Why Your Loved One Might Experience Sudden Vision Loss

Whenever there is a disruption in the pathway between the eyes and the brain, an individual might experience sudden vision loss. If someone in your family suddenly experiences vision loss, you'll want to take them to a healthcare treatment center as soon as possible. 

How Your Eyes See

Light enters the eye through the pupil. The light is then converted into electrical signals with cells that are located in the back of the eye. The electrical signals travel to the brain through the optic nerves. Anything that causes a disruption in this process will lead to vision loss. 

What to Expect From Sudden Vision Loss

When someone experiences sudden vision loss, they will lose their vision within the span of a few days. In some cases, the patient might lose his or her vision in the span of seconds. In some cases, sudden vision loss can be painless. In some cases, the vision might become so blurry that its impossible to see anything. In other cases, vision might be completely absent or vision might be disrupted by bright lights. 

Causes of Sudden Vision Loss

When your loved one has experienced vision loss, you'll want to take him or her to a healthcare treatment center as soon as possible. Your loved one may have experienced eye trauma without realizing it. Other common reasons for vision loss include the following:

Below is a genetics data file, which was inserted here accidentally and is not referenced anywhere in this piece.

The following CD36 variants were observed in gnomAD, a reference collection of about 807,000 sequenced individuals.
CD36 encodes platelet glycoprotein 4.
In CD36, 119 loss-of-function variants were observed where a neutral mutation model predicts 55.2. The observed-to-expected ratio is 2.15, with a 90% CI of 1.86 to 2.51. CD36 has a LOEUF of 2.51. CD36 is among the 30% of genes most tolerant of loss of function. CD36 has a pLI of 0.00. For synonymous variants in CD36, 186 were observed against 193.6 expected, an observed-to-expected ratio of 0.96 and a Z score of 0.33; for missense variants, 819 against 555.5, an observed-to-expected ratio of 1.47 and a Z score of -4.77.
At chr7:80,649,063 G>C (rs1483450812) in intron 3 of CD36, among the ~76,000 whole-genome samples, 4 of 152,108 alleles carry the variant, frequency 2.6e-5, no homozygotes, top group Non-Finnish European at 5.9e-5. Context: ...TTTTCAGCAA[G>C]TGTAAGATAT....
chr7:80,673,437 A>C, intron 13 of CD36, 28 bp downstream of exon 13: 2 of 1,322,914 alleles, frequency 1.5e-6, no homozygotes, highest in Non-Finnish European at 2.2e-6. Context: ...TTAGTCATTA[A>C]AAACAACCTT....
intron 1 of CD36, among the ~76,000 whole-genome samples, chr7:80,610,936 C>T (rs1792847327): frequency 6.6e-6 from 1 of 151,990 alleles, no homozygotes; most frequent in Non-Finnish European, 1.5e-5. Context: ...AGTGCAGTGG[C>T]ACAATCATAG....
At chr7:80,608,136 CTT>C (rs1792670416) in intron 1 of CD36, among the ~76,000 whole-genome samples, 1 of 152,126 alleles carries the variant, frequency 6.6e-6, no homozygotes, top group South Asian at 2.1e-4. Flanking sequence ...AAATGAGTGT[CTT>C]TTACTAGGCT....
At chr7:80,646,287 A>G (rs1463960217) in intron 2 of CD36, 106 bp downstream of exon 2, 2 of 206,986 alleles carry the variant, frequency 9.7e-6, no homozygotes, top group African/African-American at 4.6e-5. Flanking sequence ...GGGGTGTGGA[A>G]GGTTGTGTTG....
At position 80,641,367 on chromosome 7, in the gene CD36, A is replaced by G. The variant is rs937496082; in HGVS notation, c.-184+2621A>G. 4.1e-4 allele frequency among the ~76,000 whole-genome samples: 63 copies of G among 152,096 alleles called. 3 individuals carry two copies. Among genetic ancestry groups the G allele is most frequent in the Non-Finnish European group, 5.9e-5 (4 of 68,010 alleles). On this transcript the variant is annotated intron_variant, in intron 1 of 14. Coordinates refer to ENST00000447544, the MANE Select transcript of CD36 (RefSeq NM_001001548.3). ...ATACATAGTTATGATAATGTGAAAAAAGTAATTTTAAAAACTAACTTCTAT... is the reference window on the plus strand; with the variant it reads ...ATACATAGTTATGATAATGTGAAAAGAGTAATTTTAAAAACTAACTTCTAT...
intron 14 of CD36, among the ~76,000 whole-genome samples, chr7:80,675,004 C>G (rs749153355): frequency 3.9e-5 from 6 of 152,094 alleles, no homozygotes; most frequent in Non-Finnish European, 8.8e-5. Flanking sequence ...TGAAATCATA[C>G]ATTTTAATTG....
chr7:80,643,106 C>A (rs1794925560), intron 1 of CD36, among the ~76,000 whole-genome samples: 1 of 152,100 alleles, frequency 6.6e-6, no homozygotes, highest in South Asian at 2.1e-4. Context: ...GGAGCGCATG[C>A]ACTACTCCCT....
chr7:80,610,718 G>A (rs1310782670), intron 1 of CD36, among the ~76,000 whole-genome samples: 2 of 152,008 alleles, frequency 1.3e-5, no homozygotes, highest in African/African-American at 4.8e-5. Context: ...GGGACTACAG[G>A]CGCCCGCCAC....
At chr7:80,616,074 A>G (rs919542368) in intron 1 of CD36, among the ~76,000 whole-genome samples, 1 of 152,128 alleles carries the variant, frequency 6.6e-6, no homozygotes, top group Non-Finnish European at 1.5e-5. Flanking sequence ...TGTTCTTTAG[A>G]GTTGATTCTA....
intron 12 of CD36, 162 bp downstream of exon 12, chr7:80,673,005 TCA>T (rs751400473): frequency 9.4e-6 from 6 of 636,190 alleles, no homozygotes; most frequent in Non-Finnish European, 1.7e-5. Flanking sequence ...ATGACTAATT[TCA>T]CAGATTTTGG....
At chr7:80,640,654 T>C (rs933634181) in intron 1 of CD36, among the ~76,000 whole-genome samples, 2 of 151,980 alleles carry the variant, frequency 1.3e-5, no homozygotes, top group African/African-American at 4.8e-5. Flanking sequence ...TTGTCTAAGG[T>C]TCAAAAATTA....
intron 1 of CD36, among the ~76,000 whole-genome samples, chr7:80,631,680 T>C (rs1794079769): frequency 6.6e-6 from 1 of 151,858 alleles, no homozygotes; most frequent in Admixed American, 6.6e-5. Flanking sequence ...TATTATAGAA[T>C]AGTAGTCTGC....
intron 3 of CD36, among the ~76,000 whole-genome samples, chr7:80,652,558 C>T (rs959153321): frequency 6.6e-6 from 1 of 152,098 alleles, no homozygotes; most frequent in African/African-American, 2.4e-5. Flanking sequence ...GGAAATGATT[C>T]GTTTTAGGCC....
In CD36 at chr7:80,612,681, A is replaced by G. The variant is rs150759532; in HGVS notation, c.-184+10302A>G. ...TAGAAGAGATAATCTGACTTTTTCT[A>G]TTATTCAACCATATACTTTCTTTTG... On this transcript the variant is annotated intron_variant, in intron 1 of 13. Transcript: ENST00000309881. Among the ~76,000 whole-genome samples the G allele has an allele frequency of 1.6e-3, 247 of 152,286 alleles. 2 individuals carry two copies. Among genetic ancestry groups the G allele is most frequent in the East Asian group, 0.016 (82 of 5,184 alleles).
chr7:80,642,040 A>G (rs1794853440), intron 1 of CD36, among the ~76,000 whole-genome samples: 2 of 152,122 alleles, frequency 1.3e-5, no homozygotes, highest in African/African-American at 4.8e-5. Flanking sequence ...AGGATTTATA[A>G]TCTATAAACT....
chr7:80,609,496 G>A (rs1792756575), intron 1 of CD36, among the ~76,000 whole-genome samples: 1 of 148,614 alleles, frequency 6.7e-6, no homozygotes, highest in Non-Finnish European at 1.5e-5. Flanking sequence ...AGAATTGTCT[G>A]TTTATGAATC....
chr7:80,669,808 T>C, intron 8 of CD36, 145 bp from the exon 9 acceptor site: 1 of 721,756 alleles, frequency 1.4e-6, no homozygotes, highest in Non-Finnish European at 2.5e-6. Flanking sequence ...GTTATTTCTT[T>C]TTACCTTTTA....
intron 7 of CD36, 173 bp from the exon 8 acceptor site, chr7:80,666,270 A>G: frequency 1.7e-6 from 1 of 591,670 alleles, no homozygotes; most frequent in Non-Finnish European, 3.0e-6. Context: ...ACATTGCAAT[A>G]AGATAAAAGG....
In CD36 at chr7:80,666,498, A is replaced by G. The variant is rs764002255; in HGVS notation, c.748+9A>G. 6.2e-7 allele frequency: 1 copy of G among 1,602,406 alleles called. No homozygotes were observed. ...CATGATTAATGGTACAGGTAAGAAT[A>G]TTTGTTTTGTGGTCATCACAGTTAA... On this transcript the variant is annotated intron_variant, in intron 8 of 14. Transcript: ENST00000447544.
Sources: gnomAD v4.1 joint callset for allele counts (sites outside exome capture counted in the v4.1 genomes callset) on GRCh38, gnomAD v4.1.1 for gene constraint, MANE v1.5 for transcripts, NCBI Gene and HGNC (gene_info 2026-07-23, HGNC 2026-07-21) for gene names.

• Inflammation of blood vessels
  • Blockage of blood flow to the retina
  • Retinal detachment (the pulling of the retina to the back of the eye)
  • Blood flow blockage to the occipital lobe of the brain

The last on the list occurs with a stroke, so it's important to receive treatment right away. There are also less common causes of sudden vision loss, such as a transient ischemic attack, acute glaucoma, an infection in the retina, or bleeding in the retina. 

Treatment for Sudden Vision Loss

Sudden vision loss is considered a medical emergency. A patient who is experiencing it will need to undergo brain imaging and a blood test. The tests are performed to find specific problems with the patient's eyes and to also determine if there is another medical condition that may be leading to vision loss. 

A patient will need to have the underlying cause of your vision loss treated at the healthcare center. The patient will likely need medication and may require surgery. If the patient receives treatment for the condition quickly, he or she may have the vision loss partially or fully reversed.